“Failure isn’t fatal, success in’t final; it’s courage that counts.” — (generally attributed to) Winston Churchill
Failure may not be fatal, but it certainy isn’t fun. And today I reached a failure point.
Like most failure points, this one didn’t start today. I think it actually started two weeks ago, when the potential client I had arranged to teleconference with didn’t show up for two hours. That’s a bad sign, but I ignored it because, honestly, I was excited that this could be my first $85/hr project. I was willing to overlook a lack of professionalism in order to make a little more money, and set myself up at a new rate.
As of right now, I don’t really regret that. But I did ignore a signpost.
The next signpost was the same — another missed meeting– but this one came while I was already billing the client… so, I thought, “It’s okay. He misses a meeting, but he’s paying for the time. It’s a little frustrating, but no real loss to me.”
Similar was the flood of defocused, forwarded communication. He was in communication with an approvals and listing agency, and instead of sending me his requirements on the job, he forwarded me the dense back-and-forth without any summaries. Unprofessional, a little time consuming to sort through, but again, the client was paying for the time.
He didn’t respond to some of my questions, crucial for moving the project forward. Frustrating, but I filled the time with the other aspects of the job. Then, he did reply, but being tacked into the dense forest of other forwarded messages, I missed it. That one reflects very badly on me; I apologized and moved forward.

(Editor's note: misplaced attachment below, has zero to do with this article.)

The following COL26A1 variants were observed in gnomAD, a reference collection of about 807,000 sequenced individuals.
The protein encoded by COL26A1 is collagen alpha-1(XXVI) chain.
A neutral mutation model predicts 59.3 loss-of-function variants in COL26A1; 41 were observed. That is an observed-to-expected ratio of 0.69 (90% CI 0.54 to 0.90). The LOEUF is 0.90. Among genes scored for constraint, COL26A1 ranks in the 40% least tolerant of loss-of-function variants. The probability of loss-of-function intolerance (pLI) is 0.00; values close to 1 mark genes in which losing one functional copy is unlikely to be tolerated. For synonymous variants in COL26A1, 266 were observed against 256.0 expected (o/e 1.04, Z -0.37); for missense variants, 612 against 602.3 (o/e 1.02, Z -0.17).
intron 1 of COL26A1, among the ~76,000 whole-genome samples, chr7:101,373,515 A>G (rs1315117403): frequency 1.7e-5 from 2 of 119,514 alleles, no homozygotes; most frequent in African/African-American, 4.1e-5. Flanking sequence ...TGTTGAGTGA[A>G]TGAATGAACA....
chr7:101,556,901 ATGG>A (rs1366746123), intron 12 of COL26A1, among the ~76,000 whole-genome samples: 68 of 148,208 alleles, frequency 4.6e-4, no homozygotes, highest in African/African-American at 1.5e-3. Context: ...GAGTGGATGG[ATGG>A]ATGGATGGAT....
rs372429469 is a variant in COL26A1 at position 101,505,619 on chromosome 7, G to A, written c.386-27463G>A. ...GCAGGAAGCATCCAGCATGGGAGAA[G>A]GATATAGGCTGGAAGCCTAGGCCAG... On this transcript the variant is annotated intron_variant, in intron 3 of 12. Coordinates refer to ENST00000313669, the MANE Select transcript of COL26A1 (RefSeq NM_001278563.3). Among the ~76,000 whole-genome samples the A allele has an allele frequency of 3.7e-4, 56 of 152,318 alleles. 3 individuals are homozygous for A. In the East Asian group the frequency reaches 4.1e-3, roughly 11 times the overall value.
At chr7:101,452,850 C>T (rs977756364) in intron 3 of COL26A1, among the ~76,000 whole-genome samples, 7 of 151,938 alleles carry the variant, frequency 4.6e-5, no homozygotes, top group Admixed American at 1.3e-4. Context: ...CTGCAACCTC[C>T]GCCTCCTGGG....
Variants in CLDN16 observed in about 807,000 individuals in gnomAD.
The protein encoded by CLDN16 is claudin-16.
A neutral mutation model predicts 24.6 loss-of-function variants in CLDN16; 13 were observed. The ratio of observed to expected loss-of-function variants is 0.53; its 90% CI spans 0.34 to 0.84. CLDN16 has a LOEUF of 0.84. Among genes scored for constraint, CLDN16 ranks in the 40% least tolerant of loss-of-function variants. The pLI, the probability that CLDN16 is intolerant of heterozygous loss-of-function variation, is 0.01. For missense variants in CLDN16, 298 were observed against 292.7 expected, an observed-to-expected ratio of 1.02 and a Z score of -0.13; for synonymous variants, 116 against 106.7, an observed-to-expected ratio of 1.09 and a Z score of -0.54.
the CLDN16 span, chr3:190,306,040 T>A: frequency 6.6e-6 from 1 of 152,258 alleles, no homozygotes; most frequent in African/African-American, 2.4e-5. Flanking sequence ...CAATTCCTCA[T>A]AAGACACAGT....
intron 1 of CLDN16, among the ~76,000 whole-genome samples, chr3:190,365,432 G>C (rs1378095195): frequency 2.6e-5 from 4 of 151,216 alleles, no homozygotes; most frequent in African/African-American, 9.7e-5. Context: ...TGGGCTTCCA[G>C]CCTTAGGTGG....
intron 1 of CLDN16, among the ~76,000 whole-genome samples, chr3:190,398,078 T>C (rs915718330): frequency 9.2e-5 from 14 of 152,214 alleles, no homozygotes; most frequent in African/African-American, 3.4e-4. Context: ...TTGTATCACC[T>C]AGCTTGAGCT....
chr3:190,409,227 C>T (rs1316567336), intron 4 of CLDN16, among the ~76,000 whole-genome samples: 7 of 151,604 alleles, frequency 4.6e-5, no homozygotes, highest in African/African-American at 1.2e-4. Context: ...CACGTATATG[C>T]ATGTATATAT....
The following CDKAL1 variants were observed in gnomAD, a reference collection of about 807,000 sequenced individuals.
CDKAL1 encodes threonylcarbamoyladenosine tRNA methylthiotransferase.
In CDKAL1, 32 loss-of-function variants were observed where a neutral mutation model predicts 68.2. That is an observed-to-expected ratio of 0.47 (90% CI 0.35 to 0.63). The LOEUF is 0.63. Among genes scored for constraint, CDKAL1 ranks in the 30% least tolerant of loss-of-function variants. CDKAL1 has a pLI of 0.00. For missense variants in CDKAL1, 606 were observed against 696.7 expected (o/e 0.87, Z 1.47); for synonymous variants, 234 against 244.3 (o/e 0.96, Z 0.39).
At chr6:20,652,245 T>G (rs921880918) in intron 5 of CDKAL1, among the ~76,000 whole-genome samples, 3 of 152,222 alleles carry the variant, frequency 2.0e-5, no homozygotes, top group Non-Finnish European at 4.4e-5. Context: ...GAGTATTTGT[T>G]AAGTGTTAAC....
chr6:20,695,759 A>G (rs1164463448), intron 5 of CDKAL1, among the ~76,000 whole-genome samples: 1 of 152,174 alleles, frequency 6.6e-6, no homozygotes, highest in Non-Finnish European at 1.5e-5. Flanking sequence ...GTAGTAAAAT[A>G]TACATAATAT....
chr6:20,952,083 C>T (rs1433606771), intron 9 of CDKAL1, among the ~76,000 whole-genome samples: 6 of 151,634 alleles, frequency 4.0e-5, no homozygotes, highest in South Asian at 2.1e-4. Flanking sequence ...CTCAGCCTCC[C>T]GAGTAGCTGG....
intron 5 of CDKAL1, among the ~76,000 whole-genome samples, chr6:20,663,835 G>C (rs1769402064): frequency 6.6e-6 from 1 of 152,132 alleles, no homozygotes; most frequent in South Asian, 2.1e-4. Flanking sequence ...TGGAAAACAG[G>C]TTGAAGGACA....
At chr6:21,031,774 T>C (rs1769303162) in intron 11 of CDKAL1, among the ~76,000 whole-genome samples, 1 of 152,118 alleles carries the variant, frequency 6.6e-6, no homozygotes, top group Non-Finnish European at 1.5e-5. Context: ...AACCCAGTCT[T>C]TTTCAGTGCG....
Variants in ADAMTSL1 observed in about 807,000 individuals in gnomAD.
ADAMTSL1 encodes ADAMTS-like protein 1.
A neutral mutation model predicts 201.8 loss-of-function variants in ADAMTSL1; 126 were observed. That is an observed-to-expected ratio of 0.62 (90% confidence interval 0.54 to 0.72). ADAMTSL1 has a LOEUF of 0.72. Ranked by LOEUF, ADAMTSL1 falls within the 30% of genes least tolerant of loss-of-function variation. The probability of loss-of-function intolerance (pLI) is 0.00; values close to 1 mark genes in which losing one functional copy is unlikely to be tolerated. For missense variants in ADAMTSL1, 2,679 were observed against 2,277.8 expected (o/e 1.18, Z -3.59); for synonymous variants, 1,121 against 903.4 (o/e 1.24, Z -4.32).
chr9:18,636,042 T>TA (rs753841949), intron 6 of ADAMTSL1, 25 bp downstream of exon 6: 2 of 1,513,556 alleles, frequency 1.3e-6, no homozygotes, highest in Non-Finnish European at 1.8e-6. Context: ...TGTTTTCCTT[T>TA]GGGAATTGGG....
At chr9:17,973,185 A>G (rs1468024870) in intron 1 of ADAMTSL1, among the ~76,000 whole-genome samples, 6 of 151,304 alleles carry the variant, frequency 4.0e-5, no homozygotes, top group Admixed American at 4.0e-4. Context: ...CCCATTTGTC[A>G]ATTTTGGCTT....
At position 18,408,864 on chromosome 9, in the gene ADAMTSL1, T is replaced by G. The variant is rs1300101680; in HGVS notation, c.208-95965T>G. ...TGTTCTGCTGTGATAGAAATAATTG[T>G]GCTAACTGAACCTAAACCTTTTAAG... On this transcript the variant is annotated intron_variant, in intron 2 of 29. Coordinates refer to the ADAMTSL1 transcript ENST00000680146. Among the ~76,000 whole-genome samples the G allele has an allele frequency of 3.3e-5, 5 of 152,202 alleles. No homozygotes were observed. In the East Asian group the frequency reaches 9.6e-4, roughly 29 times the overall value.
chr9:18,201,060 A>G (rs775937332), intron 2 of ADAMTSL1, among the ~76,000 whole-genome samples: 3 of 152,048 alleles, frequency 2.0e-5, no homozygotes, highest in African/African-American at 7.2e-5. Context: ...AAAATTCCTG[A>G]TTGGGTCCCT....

Another missed meeting. More time that the project isn’t moving forward, but hours are being billed. His loss, not mine, right? Wrong.
What I should have paid attention to there was that it all meant my client wasn’t getting full value for the time he was purchasing. Was it my fault? Well, partially yes and partially no. But ultimately, and more importantly, it reflected on my work.
So when I got a message that he was concerned about our overall progress versus cost, I shouldn’t have brushed it aside with a list of original projections and breakdown of current hours, showing how close we were, in my mind, to the schedule. My intention was good, and the tone was polite and professional, but I didn’t really shift over into his perspective. As a young guy (27) who was obviously not very professional, he definitely wasn’t considering the hours he’d chewed through with the inane (yes, I’m a bit angry) emails or multiple missed meetings. So, while I thought I had sufficiently addressed the concerns about productivity with the breakdown and clear steps forward, the air between us wasn’t clear.
Today’s meeting shouldn’t have been a surprise. After going through the list of items and questions about the project, he brought up his concern about our ongoing project and the total cost versus achievement. At first he simply requested that we change all the future projects over to fixed price, quite reasonable from his perspective, I’m sure. But with all the lack of communication and issues, there is no way that I’m going to let the guy waste my time and expect the same end product at the same cost. He’s obviously uncomfortable with the idea of continuing as we are, even with more detailed communication about hours for each task and closer tracking of where time goes. We ended today’s conference with him requesting I hold off on more hours till we have a chance to discuss estimated hours for additional aspects of the project.
And I came off the phone feeling like I’d been punched. I felt like I’d failed. Not in a huge way, but enough to where my income goals are shot for the month, and I have a quite unhappy client on my hands.
What I’m thinking right now is that I’ll refund half of the hours for last week, send over the files with some minor tweaks to make the progress on the project clear, and tell him to find another freelancer. It’s the only way I can think of to a) make sure that my client feels relatively good about a relatively bad situation, feeling that he at least got value for the money spent, b) keep my ratings intact, which allows me to spend so much less time bidding jobs, and c) avoid having to deal with this guy anymore.
Any thoughts before I pull the trigger? Have any of you had similar experiences?